U.S. Highway 89 Bryce Canyon to Grand Canyon
Road damage south of Page, Arizona will impact travel between Bryce Canyon and Grand Canyon National Parks. Click for a travel advisory and link to a map with suggested alternate routes: More »
Sunset Campground Construction
From April-July 2014, three new restroom facilities will be constructed in Sunset Campground. Visitors may experience construction noise and dust, as well as some campsite and restroom closures. 'Sunset Campground' webpage has additional information. More »
Bryce Point to Peekaboo Connector Trail Closure
Due to a large rockslide, the connecting trail from Bryce Point to Peekaboo Loop is closed. Trail will be reopened once repairs are made. The Peekaboo Loop is open, but must be accessed from Sunset or Sunrise Point.
Wall Street Section of Navajo Loop Closed
Due to dangerous conditions (falling rock and treacherous, icy switchbacks), the Wall Street section of the Navajo Loop Trail is CLOSED. It will reopen in Spring once freezing temperatures have subsided.
Backcountry Campsite Closures
Due to bear activity at select campsites in Bryce Canyon's backcountry, two backcountry campsites have been closed until further notice: Sheep Creek and Iron Spring.
Activity 4: Faults
WHOSE FAULT IS IT?
Earth's crust is broken into many pieces called plates. Within each plate, smaller breaks are found along which movement occurs. These breaks are called faults. Students will use blocks of wood to distinguish among fault types and describe the movement along each type.
Instructional Method: Experiment
Goal: Introduce students to three different fault types and the movements along each type.
Objectives: Students will be able to:
Activity time: 30 minutes
A fracture in rock along which movement occurs is called a fault. Geologists consider faults to be a planar break in rock, along which there has been movement of one side relative to the other. Pieces of crust on either side of a fault are known as fault blocks. Each block moves as an individual unit during earthquakes. It is helpful to imagine breaks in this manner because it allows you to use common objects to simulate fault block interactions.
Faults can be very short or can be miles in length, continuous or intermittent. There are three common fault types, classified according to fault block motion. They are:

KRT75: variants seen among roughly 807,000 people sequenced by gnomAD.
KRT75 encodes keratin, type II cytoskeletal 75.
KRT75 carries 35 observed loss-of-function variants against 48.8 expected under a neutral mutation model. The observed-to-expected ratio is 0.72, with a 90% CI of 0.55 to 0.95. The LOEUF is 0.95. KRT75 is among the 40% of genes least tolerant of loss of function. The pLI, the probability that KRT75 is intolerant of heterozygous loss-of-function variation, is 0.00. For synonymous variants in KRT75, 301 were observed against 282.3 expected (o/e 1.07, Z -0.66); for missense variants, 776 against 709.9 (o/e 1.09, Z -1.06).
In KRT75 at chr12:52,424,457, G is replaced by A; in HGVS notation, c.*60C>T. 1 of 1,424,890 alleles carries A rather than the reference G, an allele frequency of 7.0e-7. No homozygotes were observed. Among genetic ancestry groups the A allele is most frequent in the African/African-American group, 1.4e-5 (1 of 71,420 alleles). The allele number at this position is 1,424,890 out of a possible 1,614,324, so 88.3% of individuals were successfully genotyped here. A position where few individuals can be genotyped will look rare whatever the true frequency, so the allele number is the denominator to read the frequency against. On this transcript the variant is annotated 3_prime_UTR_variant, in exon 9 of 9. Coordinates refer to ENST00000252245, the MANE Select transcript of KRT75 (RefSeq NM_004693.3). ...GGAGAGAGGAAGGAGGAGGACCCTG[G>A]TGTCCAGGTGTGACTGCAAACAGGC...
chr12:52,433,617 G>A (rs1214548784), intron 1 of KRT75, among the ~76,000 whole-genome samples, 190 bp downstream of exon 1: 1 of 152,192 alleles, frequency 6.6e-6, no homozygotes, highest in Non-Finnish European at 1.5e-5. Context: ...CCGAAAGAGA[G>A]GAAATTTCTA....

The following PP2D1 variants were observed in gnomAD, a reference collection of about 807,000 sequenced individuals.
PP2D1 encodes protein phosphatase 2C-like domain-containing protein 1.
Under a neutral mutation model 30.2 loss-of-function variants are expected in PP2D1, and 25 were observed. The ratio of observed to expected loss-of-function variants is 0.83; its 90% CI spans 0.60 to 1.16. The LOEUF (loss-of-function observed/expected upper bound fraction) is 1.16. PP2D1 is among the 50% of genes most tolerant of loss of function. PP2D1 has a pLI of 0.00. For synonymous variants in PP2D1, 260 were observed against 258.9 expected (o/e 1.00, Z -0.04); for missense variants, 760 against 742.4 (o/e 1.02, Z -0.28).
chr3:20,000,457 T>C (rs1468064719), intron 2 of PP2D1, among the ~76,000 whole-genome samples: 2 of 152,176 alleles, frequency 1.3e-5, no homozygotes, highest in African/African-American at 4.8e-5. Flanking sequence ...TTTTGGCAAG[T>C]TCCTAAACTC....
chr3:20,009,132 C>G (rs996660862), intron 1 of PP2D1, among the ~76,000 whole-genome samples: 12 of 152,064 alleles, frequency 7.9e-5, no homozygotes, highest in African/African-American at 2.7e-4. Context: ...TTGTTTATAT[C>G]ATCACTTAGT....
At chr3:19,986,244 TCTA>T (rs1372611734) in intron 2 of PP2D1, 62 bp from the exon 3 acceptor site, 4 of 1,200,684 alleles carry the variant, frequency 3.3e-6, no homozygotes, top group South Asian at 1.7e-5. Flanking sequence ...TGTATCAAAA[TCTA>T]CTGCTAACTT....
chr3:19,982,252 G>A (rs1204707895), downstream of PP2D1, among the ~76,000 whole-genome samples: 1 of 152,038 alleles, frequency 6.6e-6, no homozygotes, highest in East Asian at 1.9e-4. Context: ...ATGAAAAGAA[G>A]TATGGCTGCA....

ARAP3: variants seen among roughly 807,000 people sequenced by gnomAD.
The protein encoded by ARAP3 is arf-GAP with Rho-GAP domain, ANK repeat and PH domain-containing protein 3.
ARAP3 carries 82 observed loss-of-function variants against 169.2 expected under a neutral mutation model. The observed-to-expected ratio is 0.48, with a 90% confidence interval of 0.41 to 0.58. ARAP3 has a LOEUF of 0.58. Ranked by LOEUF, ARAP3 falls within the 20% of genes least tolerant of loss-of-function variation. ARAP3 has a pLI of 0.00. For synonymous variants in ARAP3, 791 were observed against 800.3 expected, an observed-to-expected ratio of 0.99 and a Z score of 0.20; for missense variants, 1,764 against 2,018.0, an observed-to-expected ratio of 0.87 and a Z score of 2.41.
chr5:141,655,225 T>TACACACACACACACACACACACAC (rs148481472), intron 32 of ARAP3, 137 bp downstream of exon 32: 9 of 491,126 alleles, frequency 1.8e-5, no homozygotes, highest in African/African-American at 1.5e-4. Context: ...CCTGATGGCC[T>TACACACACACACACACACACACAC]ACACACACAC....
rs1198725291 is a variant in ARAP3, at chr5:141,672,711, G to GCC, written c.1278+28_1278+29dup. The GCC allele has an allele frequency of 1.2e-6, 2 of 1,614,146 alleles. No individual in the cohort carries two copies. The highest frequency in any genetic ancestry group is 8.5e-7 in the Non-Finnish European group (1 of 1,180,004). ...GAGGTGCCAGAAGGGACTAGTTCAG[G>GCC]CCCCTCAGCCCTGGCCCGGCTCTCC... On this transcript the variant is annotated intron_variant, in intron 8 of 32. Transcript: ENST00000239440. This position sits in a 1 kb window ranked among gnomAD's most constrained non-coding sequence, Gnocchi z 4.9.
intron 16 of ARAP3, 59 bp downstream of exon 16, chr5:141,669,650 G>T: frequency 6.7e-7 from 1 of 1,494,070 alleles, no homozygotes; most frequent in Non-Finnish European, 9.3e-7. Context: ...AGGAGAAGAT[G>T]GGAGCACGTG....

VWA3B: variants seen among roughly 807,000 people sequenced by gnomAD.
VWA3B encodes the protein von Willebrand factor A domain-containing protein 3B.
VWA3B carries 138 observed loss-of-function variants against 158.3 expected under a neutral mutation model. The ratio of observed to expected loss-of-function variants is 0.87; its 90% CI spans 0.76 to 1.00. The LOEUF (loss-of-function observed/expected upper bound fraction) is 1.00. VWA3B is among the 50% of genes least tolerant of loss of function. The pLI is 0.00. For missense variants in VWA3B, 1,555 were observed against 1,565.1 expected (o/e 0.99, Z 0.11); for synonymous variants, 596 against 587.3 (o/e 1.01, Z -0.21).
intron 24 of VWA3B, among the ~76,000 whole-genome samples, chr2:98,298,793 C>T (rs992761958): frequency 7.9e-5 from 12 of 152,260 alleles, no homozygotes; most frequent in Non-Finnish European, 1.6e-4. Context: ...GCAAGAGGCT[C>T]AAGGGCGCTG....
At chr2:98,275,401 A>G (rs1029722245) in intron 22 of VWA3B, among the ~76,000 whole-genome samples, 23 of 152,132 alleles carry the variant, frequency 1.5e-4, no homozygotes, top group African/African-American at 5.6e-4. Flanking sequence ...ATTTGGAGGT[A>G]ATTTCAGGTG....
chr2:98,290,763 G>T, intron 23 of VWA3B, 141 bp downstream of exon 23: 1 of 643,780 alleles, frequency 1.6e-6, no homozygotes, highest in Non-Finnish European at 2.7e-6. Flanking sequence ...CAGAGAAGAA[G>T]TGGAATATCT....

Faults can often be seen at the surface. Many man made items are affected by fault movement: a fence that has been separated, underground pipes that are sheared, or a canal that has been set off course by a fault.
In many places, faults are detected by rock associations. To look for a fault in nature you search for younger rock beside older rock (normal or reverse faults) or older rock on top of younger rock (thrust faults). In many places along a fault plane broken rock (fault breccia) or even powdered rock (fault gauge) are found. Sometimes if the plane of the fault is visible, there are little lines called slickensides on the rock surface showing the direction of fault movement, created by the scraping of the rocks against one another. Large fault planes are often exposed at the surface and can be seen cutting across hills and mountains.
When movement occurs between two fault blocks we feel an earthquake. For more information about earthquakes and movement caused by earthquakes, link to Surfing Rock Waves. The following activity uses wood blocks to experiment with fault movement.
Are there any faults in your area? If so, do you know which type is near you? Which type of fault would result in the most damage? Why? How do you know?
Play-doh can be used in place of wood blocks. Use three different colors. Stack the colors forming layers. Once the layers are formed and stacked, cut a diagonal or vertical line in the middle of the dough to represent the fault surface. Now use the two blocks of Play-doh to perform all the fault movements.
Included National Parks and other sites:
Utah Science Core:
5th Grade Standard 2 Objective 1,2,3
Did You Know?
Bryce Canyon National Park has a 7.4 limiting magnitude night sky! In most rural areas of the United States, 2500 stars can be seen on a clear night. At Bryce Canyon, 7500 stars can be seen twinkling in the void! More...